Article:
Kristen Rask has long harbored a love of crafts, but she hasn’t always loved the holidays.
Before becoming president of Urban Craft Uprising (UCU), Seattle’s largest indie craft show, Rask owned Schmancy, a downtown gallery and boutique known for its quirky collectibles and designer toys. She soon found that owning and operating a small business in the heart of downtown made for a perennially hectic holiday season, and soon after accepting the position of president, Rask decided to devote her full energy to what was then a burgeoning biannual show.
That’s not to say that UCU’s 30-odd events per year don’t keep Rask busy. Urban Craft is expanding beyond craft shows—think partnering with Amazon for craft-centric team building events and Enchant Christmas, a pop up holiday extravaganza making its first appearance in Seattle this year.
We caught Rask in a rare spare moment to talk local art, the future of Urban Craft Uprising, and her restored appreciation for the gifting season.
In the city of Amazon where you can click a button and have something come to your house in an hour, I think there’s something to be said about shopping face to face with people and having conversations—that’s the best part of shopping hand-made. There are so many stories behind what people make and why they’ve chosen to make their products. Seattle is awesome because people are really supportive.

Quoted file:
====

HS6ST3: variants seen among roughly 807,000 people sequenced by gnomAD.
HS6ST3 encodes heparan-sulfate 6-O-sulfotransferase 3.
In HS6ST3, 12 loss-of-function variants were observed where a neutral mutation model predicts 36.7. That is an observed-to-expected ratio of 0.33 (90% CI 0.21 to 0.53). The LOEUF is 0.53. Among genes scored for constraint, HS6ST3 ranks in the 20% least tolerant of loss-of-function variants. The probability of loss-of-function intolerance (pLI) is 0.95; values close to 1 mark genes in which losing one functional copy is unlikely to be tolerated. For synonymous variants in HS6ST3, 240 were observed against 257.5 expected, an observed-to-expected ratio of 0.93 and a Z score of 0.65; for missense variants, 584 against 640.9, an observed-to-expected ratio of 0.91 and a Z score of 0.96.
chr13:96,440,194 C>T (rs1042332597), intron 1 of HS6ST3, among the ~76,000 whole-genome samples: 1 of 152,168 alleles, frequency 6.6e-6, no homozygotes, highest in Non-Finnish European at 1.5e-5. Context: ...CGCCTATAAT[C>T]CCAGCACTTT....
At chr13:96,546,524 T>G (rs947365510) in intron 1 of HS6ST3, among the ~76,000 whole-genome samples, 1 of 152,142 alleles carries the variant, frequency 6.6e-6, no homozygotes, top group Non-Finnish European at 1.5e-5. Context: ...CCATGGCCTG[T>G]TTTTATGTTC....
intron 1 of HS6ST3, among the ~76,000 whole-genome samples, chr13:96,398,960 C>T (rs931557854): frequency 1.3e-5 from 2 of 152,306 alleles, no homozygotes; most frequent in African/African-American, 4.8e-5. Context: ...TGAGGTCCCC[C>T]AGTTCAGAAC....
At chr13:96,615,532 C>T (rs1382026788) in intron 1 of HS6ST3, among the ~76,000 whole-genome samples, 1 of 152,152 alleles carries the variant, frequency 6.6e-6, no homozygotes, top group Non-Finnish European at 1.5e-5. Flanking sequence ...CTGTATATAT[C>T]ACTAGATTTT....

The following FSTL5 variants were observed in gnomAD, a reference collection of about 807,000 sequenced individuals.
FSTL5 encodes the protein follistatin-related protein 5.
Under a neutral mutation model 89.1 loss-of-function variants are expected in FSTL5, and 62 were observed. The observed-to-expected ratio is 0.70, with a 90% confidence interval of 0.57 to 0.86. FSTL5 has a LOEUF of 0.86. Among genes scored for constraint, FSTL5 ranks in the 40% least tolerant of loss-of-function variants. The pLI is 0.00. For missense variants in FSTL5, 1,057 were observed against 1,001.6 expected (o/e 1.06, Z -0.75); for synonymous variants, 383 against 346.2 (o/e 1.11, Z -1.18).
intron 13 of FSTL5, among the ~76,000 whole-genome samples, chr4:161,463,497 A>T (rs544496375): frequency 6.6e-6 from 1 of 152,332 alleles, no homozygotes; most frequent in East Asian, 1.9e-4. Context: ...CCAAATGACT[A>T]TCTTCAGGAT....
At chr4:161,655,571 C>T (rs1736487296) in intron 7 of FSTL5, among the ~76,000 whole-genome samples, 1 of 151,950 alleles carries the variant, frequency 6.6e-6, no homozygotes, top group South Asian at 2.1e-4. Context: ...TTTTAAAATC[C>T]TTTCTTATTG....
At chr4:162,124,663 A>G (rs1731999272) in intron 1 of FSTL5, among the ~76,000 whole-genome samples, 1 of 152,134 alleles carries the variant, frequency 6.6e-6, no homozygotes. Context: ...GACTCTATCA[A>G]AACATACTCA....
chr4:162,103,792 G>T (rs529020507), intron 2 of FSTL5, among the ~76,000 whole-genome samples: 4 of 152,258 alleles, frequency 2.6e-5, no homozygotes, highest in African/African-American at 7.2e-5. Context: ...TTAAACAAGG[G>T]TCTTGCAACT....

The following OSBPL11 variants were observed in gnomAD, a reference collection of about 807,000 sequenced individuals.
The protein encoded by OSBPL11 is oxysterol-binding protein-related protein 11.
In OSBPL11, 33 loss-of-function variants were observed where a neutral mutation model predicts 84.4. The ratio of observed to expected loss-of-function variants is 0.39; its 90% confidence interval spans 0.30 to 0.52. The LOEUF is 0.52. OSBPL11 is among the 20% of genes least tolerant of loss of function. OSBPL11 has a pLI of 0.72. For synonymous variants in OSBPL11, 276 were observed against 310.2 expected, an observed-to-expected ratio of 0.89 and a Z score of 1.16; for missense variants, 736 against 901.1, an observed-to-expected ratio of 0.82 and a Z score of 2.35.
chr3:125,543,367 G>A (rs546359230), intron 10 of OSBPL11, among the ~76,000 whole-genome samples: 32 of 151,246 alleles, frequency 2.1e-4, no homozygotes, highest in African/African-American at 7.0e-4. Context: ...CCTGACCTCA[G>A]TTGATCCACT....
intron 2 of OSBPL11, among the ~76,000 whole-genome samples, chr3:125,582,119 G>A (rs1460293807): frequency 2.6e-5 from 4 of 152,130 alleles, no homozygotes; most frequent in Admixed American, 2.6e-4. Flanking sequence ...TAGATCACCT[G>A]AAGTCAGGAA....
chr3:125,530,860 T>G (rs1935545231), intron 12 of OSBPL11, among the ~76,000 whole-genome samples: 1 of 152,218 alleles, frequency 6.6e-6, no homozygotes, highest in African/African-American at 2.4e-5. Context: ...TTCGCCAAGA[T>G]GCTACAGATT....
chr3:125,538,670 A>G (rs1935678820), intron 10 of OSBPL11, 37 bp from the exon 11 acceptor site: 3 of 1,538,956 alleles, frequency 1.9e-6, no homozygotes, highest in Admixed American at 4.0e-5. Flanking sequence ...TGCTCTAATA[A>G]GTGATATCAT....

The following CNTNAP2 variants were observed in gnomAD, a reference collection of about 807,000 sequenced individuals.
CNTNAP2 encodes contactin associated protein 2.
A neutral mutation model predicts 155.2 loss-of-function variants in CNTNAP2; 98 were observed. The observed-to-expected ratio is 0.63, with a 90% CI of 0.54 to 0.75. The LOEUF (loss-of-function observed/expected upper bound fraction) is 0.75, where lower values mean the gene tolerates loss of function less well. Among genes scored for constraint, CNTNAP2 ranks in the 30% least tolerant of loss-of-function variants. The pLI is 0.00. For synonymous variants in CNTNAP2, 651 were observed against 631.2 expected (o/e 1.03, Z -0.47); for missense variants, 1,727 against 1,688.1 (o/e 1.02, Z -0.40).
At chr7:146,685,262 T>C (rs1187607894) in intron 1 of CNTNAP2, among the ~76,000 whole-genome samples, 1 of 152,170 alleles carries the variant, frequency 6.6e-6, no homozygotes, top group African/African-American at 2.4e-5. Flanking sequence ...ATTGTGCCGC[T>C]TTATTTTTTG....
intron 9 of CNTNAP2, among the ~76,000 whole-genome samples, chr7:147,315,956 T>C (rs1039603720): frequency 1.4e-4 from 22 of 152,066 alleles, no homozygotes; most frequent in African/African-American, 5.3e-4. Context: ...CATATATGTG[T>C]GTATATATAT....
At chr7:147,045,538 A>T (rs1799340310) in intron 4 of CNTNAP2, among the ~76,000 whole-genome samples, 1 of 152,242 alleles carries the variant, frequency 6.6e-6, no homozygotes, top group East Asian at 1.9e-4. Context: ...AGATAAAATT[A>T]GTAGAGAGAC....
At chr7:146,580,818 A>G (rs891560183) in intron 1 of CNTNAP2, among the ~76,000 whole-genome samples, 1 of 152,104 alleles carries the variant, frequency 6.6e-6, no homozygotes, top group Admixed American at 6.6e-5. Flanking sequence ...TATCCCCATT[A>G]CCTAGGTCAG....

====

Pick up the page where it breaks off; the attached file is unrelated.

Gobble Up (Nov 17) is our first craft food event. We started it last year and it has its challenges, but I enjoy a challenge. The South Lake Union Winter Market is in its fourth year—it only has 16 vendors but they rotate each weekend and runs after Thanksgiving through Christmas. The Holiday Market at Westlake Park (Nov 23-25) presented by the Downtown Seattle Alliance, is in its third year. Each year, more people seem to remember where we are and do their holiday shopping at these small markets. And of course I love our Urban Craft Winter Show (Dec 1-2)— it’s just bananas.
If you don’t like crowds, I recommend going to the preview night. It feels more relaxed but it’s still fun. Otherwise, come later in the afternoon instead of the mornings. As far as large indie craft shows go, we’re quite small. It’s possible to go around twice to see what you want to buy and then go back to get it.
I used to not like the holidays because I worked in retail—by the time Christmas would actually happen I’d be burned out. I’ve tried to embrace it since I closed Schmancy. I’ll bake cookies with my niece, and I started getting a tree for the first time in my adult life, which definitely adds some coziness. And I try to get my holiday shopping all banged out at the Winter Show. I write out my list of whom I have to buy for and try to knock out as many people as I can there. Otherwise, I really like Lucca Great Finds (5332 Ballard Ave N) in Ballard. They have amazing ornaments, so my sister and I will go there and each buy an ornament every year. While we’re there, I’ll check off the rest of the people on my list.
I always want to support the local shops. Fancy (1914 Second Ave) has amazing jewelry. Velouria (145 S King St), Kobo (620 Jackson St; koboseattle.com), Momo (600 S Jackson St) and Paper Hammer (1400 Second Ave) all have an awesome selection of stuff. West Seattle has Virago (4537 California Ave SW) and Click! Design That Fits (4540 California Ave SW) that are both great, too.
The day-to-day at Urban Craft is never the same—it’s why I love my job.
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